A Letter from Edmund Husserl to Franz Brentano from 29 XII 1889 [EN]

Halle 29.XII.1889.

Dear Professor!

My most heartfelt wishes for your happiness and health in the new year, as well as for that of your dear ones! And my best wishes for the flourishing and completion of the great creation to which you have devoted your mental powers for years and from which the true, scientific philosophy can expect such mighty advancement, indeed its correct and lasting foundation. It was for me an inexpressible joy to find in your new treatise the prospects for your work [on Descriptive Psychology] so close, and to be honest, not only for the expected advancement of our science, but no less for the joyful hope of an essential advance in my own knowledge. Thus I will again feel the great happiness that I so gratefully enjoyed when I was still sitting at your feet: [the happiness] of being enlightened by your clarity, of sharing in the thoughts, projects, and successes of your ever-penetrating mind.

Such pure happiness was also granted me in reading your latest treatise ‘‘On the Origin of Moral Knowledge’’. The foundational thoughts on ethics, contained in the public address itself, were already known to me through your lecture courses. Nevertheless, what a pleasure for me to receive once again these significant, indeed epoch-making, thoughts in concise, sharp, and truly perfected form! Then [there are] the comments. Quite a few students and specialists in law might do without them, while they might prove fatal to some philosophers. (Of course here I mean the longer additions concerning logic). Their magnificent dialectical force, highest critical acuity, extremely careful clarity, and refined tone, filled me with sincere admiration.

By sending me this treatise you have given me great joy. My heartfelt thanks for this. You did me a great service in remembering me so kindly. You will certainly forgive me for expressing my vividly felt gratitude only today once you hear that in the past year, particularly in the summer, I have been doing very poorly. I suffered so much from nervousness that I was not fit for anything and was barely able to prepare my lecture courses. I spent the holidays in the mountains (Tweng, in the Radstädter Tauern), where I gradually recovered. The heavy physical symptoms, such as migraine, weakness etc., diminished, and I returned significantly invigorated. For the past two months my constitution has improved and I now feel completely healthy.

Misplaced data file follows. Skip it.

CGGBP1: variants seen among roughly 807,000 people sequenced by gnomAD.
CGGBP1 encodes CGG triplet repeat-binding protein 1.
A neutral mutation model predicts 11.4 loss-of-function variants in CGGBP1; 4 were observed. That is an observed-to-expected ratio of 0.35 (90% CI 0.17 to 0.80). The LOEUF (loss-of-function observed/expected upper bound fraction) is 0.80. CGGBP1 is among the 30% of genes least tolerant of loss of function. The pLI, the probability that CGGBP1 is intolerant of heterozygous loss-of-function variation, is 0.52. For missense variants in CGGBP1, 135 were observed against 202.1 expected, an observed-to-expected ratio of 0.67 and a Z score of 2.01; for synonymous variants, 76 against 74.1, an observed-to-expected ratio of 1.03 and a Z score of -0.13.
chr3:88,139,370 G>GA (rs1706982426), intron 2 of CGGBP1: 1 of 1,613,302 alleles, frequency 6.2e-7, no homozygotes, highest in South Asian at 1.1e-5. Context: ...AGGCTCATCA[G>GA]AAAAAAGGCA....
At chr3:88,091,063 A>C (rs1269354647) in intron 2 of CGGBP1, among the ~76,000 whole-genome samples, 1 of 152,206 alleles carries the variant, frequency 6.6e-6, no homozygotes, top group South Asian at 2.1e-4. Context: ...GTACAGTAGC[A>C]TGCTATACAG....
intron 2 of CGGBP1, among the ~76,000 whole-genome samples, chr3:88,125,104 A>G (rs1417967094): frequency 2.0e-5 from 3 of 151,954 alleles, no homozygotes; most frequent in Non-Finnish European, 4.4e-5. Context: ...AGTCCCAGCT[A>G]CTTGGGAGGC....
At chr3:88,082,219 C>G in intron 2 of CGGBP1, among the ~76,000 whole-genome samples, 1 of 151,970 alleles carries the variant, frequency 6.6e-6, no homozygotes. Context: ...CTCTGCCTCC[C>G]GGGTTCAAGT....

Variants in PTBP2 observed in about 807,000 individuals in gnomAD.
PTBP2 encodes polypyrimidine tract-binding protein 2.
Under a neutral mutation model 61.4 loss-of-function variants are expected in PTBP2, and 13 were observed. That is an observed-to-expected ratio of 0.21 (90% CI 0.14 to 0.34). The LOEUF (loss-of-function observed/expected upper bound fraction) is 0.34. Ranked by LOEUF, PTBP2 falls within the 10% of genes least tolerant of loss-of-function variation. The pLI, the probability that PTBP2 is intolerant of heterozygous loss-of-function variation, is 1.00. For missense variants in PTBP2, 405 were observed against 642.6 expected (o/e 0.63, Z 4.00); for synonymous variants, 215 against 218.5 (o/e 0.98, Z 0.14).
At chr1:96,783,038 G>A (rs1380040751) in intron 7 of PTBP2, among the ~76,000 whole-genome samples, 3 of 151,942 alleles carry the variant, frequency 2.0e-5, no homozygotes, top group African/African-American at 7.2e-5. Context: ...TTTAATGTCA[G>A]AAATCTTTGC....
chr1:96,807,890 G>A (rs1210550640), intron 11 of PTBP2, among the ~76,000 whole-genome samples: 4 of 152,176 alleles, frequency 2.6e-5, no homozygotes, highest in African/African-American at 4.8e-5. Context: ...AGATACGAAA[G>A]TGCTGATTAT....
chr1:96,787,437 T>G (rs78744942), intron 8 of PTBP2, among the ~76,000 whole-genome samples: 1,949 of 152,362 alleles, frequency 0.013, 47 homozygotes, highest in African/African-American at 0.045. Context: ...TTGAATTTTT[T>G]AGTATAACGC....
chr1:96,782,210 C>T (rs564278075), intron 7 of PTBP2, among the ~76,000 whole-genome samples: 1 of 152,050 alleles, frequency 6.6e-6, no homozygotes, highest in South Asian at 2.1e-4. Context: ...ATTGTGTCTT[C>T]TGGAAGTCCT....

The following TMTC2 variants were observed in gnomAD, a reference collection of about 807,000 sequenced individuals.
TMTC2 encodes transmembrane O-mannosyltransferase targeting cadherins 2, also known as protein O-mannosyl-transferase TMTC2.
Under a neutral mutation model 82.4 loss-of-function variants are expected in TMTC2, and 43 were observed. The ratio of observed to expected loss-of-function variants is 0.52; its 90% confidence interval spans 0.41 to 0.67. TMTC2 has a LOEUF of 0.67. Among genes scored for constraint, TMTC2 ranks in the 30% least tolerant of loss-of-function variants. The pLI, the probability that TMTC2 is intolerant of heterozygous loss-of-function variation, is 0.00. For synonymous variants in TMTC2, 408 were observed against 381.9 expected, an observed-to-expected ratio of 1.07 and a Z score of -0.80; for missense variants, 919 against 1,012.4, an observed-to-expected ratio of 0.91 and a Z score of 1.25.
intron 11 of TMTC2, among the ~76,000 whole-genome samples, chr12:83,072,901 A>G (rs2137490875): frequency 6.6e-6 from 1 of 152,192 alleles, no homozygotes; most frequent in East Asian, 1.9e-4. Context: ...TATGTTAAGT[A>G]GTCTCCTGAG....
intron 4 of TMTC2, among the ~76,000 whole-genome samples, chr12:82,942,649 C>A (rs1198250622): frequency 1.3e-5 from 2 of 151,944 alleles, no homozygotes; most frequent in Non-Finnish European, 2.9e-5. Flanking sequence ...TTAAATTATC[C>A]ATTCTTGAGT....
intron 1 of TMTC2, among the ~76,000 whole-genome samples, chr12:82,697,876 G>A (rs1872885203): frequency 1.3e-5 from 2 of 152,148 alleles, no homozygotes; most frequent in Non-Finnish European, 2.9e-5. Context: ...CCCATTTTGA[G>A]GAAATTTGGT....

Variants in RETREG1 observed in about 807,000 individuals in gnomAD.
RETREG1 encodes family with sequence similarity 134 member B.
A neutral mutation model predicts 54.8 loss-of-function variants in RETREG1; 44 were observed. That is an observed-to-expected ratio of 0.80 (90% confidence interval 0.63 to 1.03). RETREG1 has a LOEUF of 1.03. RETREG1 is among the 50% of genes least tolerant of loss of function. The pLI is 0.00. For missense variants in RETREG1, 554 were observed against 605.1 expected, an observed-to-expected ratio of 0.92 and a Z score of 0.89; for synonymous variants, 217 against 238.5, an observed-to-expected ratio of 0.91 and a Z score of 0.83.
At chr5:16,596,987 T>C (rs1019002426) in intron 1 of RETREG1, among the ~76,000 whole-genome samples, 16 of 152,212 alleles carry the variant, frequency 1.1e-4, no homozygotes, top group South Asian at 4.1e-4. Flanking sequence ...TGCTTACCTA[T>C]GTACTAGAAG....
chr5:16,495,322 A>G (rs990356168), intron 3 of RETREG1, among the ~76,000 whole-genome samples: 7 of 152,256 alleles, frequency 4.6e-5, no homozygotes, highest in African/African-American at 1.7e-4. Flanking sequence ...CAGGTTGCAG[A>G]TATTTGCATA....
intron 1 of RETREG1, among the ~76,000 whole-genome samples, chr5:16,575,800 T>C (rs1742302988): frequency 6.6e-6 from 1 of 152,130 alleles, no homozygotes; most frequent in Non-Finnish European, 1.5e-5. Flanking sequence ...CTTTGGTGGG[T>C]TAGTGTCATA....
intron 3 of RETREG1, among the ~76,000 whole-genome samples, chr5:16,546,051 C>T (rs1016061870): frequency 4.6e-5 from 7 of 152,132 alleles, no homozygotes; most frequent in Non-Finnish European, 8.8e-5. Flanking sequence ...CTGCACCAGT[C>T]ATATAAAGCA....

With renewed energy I have taken up again the philosophical investigations regarding the philosophy of mathematics which I had already begun in Vienna, but at that time without even the slightest awareness of the difficulty of the enterprise. Heaven will hopefully allow me to complete the work this winter and hence fill a real and perceptible gap in science. The fact that I was almost entirely unable to build on any useful preparatory research (with the exception of some essential inspirations from your lecture courses in the WS 1885/1886) is probably the main reason that I made progress only laboriously and slowly. I had great difficulties with the full understanding of the logical character of the system of signs of the arithmetica universalis with its negative and imaginary, rational and irrational numbers. The matter is not so simple that everything could be completely settled with the concept of amount and the theory of improper presenting.

Currently I am rethinking my first attempts from the year 1886 regarding the foundations of geometry and the general theory of the continuum. At that time I got stuck because I lacked a true understanding of general arithmetic; now that I have gained clarity in these matters I also hope to overcome the last trace of unclarity regarding the theory of the continuum.

My behavior to this point has demonstrated that the ambition to see my name in print as quickly and as often as possible has not driven me to premature publications. I am certain of your approval in this matter. I will only publish what I deem really useful, whether of a positive or a critical character. Self-criticism is certainly a difficult matter. Hopefully it will not deceive me too much in the very work that is to be adorned with your name, my revered teacher. Well now, I am speaking as though the book already lay wholly or nearly finished before me—and yet there still is so much to create and shape. But I will not despair. I think: not for nothing have I ‘‘long suckled at your sphere’’ – The departure of Stumpf caught me completely off-guard. In him I lose a revered, kind, and benevolent friend, and this pains me. His successor will probably be Erdmann. I’m curious to see how our relationship will develop, after I completely rejected his major work on the axioms of geometry (1877).

But now it is time to come to a close. Please convey my very best regards to your wife. It was a great pleasure for me to hear through Mrs. Löning that she still thinks of me so kindly. Kind regards and best new year’s wishes also to Prof. Marty, who, as is usual at this time, will also now probably be staying with you.

To yourself, my revered teacher, a renewed expression of my ever unchanged and unchangeable reverence, love, and gratitude,

from your

Edmund Husserl


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